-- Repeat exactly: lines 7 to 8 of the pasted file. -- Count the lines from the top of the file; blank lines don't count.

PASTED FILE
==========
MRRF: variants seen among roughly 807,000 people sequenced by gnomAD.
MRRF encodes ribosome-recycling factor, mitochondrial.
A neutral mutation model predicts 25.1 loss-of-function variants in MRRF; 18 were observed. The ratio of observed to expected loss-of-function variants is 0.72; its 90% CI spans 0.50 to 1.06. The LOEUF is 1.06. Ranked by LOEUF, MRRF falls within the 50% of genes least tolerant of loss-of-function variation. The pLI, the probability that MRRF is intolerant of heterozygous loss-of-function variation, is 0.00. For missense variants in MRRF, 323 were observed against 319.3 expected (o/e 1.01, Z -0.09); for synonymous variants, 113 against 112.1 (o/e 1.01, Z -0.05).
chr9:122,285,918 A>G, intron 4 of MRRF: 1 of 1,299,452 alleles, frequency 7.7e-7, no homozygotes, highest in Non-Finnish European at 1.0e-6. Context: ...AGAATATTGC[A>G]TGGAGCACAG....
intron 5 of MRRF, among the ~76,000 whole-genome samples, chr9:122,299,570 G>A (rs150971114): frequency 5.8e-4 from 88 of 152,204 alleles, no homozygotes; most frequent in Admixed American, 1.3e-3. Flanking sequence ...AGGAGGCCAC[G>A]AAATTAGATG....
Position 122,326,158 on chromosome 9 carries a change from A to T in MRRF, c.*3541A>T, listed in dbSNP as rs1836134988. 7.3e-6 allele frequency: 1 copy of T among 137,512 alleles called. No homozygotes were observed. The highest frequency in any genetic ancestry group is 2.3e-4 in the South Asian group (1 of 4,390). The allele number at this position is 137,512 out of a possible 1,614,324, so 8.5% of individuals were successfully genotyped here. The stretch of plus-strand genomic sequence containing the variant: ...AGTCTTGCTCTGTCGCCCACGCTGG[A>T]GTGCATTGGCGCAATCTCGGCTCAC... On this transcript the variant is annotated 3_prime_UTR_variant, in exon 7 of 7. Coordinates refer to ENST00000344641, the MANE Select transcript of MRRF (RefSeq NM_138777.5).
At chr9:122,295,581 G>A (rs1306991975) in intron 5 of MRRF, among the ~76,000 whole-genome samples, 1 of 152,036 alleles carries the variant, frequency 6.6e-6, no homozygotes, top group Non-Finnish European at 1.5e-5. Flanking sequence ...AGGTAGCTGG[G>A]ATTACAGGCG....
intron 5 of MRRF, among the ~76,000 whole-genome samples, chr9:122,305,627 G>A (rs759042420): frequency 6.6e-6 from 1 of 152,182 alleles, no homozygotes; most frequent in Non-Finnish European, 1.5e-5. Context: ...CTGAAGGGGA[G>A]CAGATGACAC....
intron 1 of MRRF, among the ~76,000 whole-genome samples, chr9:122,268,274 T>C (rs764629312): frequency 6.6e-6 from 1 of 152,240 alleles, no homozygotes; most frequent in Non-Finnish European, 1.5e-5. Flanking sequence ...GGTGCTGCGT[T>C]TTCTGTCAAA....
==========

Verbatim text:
At chr9:122,295,581 G>A (rs1306991975) in intron 5 of MRRF, among the ~76,000 whole-genome samples, 1 of 152,036 alleles carries the variant, frequency 6.6e-6, no homozygotes, top group Non-Finnish European at 1.5e-5. Flanking sequence ...AGGTAGCTGG[G>A]ATTACAGGCG....
intron 5 of MRRF, among the ~76,000 whole-genome samples, chr9:122,305,627 G>A (rs759042420): frequency 6.6e-6 from 1 of 152,182 alleles, no homozygotes; most frequent in Non-Finnish European, 1.5e-5. Context: ...CTGAAGGGGA[G>A]CAGATGACAC....